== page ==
Swimming with the virile tide of the latest surging French queer cinema, Camille Vidal-Naquet’s debut feature SAUVAGE/WILD, for one thing, conspicuously eschews the virulent sign of its times, which has taken a central role in sterling works of Christophe Honoré’s SORRY ANGEL (2018), Robin Campillo’s BPM (BEATS PER MINUTE) (2017) and Olivier Ducastel, Jacques Martineau’s PARIS 05:59: THÉO & HUGO (2016), in fact, the poor health of our protagonist Léo (BPM alumnus Maritaud), a 22-year-old homeless prostitute drifting in Strasbourg, is much due to malnutrition than any sexually transmitted diseases.
Opening with a beguilingly titillating twist of a role-play Léo participating with one of his clients, SAUVAGE/WILD lives and dies with Maritaud’s resilient and profoundly moving performance, investing himself thoroughly to inhabit Léo’s sleeping-rough, miserable existence, Maritaud brings to the fore of Léo’s otherness, an almost angelic being that uncharacteristically seeks no temporal value like other men of his trade, more liable to his own instinct than any social norms (he doesn’t even understand why crack, from which a kindhearted female doctor advises him to abstain, is a bad thing because for him, it is a boon that makes him feel good). Whether impassively posturing to be picked by potential kerb-crawlers, or tenderly looking for a moment of human contact with his clients, a battered Maritaud unyieldingly draws our attention and compassion through his lived-in vulnerability and wounded masculinity, not to mention those eye-popping, demandingly graphic sex scenes, which bears out an audacious resolve for authenticity without any voyeuristic agenda to sexualize the subject matter, hats off to Vidal-Naquet and his intrepid cast.
Vidal-Naquet’s diligent script covers a whole gamut of what could happen to a sex worker in this parlous line of business, from Léo’s love-hate entanglement with the gay-for-pay Ahd (Bernard), seeped with the latter’s macho toxicity, to his sundry encounters: a gerontophiliac bonding with a senior widower; a demeaning penetration preyed on him by two callous youngsters; a skylarking bunco conducted with his fellow escort Mihal (Dibla), to whom Léo cannot reciprocate his feelings. All those segments are shot with a clinical matter-of-fact-ness that leans towards a reportage with its hand-held amateurishness.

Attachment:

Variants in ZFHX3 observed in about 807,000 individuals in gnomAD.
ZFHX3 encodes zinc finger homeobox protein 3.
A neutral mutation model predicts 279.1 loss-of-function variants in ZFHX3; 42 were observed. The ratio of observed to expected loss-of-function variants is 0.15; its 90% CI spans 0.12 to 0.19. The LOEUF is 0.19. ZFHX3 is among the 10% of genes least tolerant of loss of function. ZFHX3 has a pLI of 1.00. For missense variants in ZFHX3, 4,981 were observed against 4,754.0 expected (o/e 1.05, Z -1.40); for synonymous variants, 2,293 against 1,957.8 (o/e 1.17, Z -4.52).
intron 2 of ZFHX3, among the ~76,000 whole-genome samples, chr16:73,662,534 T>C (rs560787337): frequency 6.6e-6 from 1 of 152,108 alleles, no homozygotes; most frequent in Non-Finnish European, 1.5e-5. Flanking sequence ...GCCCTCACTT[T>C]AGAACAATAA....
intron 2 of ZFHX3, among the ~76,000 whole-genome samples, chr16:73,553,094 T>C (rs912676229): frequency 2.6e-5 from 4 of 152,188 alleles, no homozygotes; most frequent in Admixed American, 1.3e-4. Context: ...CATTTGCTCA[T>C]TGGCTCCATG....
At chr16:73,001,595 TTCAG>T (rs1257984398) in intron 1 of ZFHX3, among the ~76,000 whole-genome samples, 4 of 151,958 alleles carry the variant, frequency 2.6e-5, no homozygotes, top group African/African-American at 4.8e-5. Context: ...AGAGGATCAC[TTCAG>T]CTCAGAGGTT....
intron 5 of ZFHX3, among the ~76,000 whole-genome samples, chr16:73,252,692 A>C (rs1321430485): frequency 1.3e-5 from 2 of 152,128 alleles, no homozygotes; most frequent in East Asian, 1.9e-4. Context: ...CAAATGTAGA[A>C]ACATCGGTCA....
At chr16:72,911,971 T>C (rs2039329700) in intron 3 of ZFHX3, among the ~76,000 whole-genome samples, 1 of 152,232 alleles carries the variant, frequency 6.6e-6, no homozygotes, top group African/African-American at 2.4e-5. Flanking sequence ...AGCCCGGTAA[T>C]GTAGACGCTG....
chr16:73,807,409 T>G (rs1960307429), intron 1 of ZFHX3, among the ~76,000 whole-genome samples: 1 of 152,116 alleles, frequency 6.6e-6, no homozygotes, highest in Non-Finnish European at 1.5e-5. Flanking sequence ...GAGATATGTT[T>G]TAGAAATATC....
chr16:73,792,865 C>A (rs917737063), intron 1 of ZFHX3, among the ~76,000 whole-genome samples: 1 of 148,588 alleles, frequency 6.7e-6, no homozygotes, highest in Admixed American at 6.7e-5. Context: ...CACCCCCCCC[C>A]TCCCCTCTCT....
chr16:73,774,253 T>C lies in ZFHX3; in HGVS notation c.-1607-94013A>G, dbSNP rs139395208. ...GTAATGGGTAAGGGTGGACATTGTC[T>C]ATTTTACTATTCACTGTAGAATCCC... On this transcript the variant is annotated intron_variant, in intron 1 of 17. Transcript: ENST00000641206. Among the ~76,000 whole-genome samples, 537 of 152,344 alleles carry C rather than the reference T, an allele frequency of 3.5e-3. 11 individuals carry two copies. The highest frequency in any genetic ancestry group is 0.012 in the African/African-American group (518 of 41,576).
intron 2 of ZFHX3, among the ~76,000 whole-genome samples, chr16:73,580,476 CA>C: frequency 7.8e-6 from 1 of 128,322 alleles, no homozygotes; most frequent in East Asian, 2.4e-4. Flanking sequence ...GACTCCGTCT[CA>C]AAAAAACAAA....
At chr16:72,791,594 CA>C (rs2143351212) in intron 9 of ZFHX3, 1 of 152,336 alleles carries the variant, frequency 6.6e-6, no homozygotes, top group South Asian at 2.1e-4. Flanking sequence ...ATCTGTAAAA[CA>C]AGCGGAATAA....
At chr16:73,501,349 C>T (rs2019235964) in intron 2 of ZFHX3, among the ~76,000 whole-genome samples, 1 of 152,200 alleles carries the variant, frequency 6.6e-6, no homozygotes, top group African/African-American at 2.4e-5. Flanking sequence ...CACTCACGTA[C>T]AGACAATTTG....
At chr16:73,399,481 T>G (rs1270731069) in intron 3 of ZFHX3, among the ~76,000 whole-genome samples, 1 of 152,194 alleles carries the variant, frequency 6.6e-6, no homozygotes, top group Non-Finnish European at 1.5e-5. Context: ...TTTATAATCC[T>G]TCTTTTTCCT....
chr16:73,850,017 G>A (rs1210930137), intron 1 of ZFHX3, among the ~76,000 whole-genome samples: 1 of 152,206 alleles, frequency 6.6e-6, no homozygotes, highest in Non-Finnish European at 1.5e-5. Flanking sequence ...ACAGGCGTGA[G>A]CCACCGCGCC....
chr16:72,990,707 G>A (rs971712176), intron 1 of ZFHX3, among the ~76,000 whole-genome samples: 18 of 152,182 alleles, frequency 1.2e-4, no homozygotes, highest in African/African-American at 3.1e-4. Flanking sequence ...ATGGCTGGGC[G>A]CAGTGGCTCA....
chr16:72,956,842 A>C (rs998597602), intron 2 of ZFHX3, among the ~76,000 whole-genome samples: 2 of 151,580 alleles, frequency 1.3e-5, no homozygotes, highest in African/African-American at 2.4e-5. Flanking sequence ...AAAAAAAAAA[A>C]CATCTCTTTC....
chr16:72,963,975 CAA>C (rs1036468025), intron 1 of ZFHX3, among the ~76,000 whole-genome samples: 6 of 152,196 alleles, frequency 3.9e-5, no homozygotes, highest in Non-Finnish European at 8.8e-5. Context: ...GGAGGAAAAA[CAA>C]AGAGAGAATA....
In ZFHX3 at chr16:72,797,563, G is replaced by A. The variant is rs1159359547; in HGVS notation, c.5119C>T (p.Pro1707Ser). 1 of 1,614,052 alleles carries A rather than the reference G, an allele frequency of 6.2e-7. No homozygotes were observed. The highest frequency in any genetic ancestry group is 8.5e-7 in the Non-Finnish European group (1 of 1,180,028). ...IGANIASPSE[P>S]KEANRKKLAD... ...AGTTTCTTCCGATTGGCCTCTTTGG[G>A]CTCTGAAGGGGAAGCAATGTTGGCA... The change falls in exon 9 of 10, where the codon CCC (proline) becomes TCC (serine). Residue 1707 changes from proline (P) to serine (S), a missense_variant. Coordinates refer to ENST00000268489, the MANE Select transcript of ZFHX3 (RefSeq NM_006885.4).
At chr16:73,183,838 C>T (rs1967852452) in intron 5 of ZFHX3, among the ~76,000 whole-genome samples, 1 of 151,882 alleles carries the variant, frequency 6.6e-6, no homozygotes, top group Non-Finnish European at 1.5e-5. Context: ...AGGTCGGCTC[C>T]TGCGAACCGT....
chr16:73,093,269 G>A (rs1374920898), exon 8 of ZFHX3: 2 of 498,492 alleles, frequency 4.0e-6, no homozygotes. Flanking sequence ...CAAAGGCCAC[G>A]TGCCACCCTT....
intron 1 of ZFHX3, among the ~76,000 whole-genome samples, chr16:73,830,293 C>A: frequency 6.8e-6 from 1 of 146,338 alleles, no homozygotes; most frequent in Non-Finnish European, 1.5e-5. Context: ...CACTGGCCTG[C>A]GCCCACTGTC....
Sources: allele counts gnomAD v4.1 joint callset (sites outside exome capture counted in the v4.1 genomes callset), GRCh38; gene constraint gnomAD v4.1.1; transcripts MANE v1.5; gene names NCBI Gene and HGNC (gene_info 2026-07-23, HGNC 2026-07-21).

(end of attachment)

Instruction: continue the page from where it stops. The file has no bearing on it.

When Ahd decides to leave with his sugar daddy, it lays bare of the best scenario which could ever happen to the practitioners of rough trade, and soon Léo’s savior materializes in the form of Claude (Ohrel) exactly when he hits the rock bottom (the startling perversion and violence is rendered off screen considerately), although as a deus ex-machina, Claude is a dreamboat too perfect to be true, however Vidal-Naquet perversely goes against the grain (after his indiscriminate stock-in-trade towards all sorts of patronage, it is appalling to see Léo rebuff Claude as “old and ugly” when the latter is overlay with brimful innocuousness and tenderness), only to shatter our cexpectation and suffix a true-to-his-nature coda to Léo’s self-emancipation and precious independence, with his final in utero attitude, smells like a missed opportunity for this reviewer’s two cents’ worth, otherwise, SAUVAGE/WILD is a belter of a debut feature giving an honest voice to the marginal and the underprivileged.
referential entries: Christophe Honoré’s SORRY ANGEL (2018, 8.1/10); Olivier Ducastel, Jacques Martineau’s PARIS 05:59: THÉO & HUGO (2016, 8.0/10); Robin Campillo’s BPM (BEATS PER MINUTE) (2017, 8.1/10).